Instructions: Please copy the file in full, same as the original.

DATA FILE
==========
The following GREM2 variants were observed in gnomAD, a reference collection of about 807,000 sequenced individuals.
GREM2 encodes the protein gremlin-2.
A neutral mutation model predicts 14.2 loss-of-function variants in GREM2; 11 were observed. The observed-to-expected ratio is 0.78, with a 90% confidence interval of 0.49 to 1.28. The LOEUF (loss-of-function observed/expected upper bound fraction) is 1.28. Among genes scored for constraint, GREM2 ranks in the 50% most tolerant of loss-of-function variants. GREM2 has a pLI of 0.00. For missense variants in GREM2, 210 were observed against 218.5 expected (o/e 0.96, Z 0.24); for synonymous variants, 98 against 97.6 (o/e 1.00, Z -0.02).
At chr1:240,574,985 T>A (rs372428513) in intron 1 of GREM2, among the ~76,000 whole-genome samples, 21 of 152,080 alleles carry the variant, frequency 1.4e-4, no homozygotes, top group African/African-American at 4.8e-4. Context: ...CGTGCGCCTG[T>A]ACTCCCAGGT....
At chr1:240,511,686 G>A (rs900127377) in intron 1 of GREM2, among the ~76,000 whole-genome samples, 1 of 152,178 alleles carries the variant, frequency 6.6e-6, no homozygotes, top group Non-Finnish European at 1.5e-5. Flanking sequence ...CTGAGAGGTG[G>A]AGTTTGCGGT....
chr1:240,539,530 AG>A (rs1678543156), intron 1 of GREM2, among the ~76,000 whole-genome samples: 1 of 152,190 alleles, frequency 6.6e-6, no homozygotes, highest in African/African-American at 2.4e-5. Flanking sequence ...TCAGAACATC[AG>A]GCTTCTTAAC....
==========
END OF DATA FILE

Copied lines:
The following GREM2 variants were observed in gnomAD, a reference collection of about 807,000 sequenced individuals.
GREM2 encodes the protein gremlin-2.
A neutral mutation model predicts 14.2 loss-of-function variants in GREM2; 11 were observed. The observed-to-expected ratio is 0.78, with a 90% confidence interval of 0.49 to 1.28. The LOEUF (loss-of-function observed/expected upper bound fraction) is 1.28. Among genes scored for constraint, GREM2 ranks in the 50% most tolerant of loss-of-function variants. GREM2 has a pLI of 0.00. For missense variants in GREM2, 210 were observed against 218.5 expected (o/e 0.96, Z 0.24); for synonymous variants, 98 against 97.6 (o/e 1.00, Z -0.02).
At chr1:240,574,985 T>A (rs372428513) in intron 1 of GREM2, among the ~76,000 whole-genome samples, 21 of 152,080 alleles carry the variant, frequency 1.4e-4, no homozygotes, top group African/African-American at 4.8e-4. Context: ...CGTGCGCCTG[T>A]ACTCCCAGGT....
At chr1:240,511,686 G>A (rs900127377) in intron 1 of GREM2, among the ~76,000 whole-genome samples, 1 of 152,178 alleles carries the variant, frequency 6.6e-6, no homozygotes, top group Non-Finnish European at 1.5e-5. Flanking sequence ...CTGAGAGGTG[G>A]AGTTTGCGGT....
chr1:240,539,530 AG>A (rs1678543156), intron 1 of GREM2, among the ~76,000 whole-genome samples: 1 of 152,190 alleles, frequency 6.6e-6, no homozygotes, highest in African/African-American at 2.4e-5. Flanking sequence ...TCAGAACATC[AG>A]GCTTCTTAAC....